Washington, Sept 17 (ANI): University of Chicago researchers have created a new model of obsessive-compulsive disorder (OCD) that mimics both symptoms of the disease and the timing of its treatment in humans.
Using the model, researchers isolated a single neurotransmitter receptor in a specific brain region responsible for their model's OCD-like symptoms, offering new insight into the cause of the disorder.
Further research with the model may point the way to new treatments for both OCD and autism, said Nancy Shanahan, a postdoctoral researcher at the University of Chicago, and lead author of the study.
"Treatment for these people is greatly needed, and there really are very few highly valid animal models of the disorder," indicated Shanahan.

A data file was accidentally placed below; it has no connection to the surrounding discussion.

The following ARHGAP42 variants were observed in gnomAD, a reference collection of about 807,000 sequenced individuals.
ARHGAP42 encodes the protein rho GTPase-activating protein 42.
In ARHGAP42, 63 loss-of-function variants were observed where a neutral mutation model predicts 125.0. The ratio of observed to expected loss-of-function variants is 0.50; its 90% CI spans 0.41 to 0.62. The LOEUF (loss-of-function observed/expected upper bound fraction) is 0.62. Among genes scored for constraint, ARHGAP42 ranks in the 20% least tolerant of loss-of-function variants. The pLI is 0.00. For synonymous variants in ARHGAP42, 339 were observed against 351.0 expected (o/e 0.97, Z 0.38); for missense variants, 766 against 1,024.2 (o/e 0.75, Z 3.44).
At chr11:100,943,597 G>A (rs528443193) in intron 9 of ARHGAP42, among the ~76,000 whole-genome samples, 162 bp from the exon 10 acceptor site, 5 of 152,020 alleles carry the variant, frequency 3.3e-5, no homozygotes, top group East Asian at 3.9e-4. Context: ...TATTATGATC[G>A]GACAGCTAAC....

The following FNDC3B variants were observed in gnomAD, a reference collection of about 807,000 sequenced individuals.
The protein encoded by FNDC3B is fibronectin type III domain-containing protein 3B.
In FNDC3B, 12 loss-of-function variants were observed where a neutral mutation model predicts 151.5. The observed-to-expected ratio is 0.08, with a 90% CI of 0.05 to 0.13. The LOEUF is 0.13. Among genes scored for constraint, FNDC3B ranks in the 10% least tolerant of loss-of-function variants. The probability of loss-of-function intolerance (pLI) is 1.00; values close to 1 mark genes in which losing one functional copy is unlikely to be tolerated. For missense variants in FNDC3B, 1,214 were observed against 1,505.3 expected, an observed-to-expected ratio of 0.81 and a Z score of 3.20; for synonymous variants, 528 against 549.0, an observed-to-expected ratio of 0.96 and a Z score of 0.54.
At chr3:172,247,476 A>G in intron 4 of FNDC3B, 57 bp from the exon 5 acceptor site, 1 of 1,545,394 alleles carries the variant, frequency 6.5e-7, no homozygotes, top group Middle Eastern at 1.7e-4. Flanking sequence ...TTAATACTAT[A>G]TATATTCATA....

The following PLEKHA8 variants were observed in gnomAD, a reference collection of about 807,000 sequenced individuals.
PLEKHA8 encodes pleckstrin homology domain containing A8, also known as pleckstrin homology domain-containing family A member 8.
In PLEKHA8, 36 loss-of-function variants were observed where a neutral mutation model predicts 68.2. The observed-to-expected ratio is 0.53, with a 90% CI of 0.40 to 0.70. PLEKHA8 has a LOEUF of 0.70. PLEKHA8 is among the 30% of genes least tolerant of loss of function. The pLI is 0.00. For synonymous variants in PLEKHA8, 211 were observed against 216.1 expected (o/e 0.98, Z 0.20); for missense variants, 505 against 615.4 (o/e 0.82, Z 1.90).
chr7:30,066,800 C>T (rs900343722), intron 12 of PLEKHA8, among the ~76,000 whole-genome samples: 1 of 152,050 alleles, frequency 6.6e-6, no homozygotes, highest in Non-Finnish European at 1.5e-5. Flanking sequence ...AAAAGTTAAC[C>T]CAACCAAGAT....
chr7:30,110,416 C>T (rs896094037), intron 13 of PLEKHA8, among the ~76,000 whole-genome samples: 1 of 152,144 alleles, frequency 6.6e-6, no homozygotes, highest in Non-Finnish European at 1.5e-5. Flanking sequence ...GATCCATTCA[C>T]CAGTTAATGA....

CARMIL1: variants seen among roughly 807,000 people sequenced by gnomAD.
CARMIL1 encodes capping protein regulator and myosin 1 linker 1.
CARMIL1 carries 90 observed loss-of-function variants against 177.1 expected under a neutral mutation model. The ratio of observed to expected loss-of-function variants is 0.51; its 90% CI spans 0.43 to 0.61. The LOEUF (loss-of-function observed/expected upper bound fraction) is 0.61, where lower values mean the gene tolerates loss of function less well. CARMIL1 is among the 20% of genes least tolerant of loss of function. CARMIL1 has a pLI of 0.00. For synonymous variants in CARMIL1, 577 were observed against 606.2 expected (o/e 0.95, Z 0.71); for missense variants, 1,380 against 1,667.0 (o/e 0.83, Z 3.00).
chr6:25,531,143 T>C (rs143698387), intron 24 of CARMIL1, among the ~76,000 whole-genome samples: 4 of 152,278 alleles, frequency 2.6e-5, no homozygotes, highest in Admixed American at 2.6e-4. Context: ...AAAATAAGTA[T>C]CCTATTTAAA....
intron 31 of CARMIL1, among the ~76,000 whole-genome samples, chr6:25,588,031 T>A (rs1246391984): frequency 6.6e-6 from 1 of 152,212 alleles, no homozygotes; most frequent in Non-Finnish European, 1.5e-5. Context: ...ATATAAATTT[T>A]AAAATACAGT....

"Having one that seems to mimic the disorder so well, especially in terms of the time course of treatments that work in humans, is potentially very useful for researching novel therapeutics," she stated.
Stephanie Dulawa, PhD, assistant professor in the Department of Psychiatry and Behavioural Neuroscience and senior author of the study, added, "Our model can make accurate predictions about what you see in OCD, and that gives us confidence that the underlying neurobiology is likely to be similar between the model and the actual disorder."
The study was published in Biological Psychiatry. (ANI)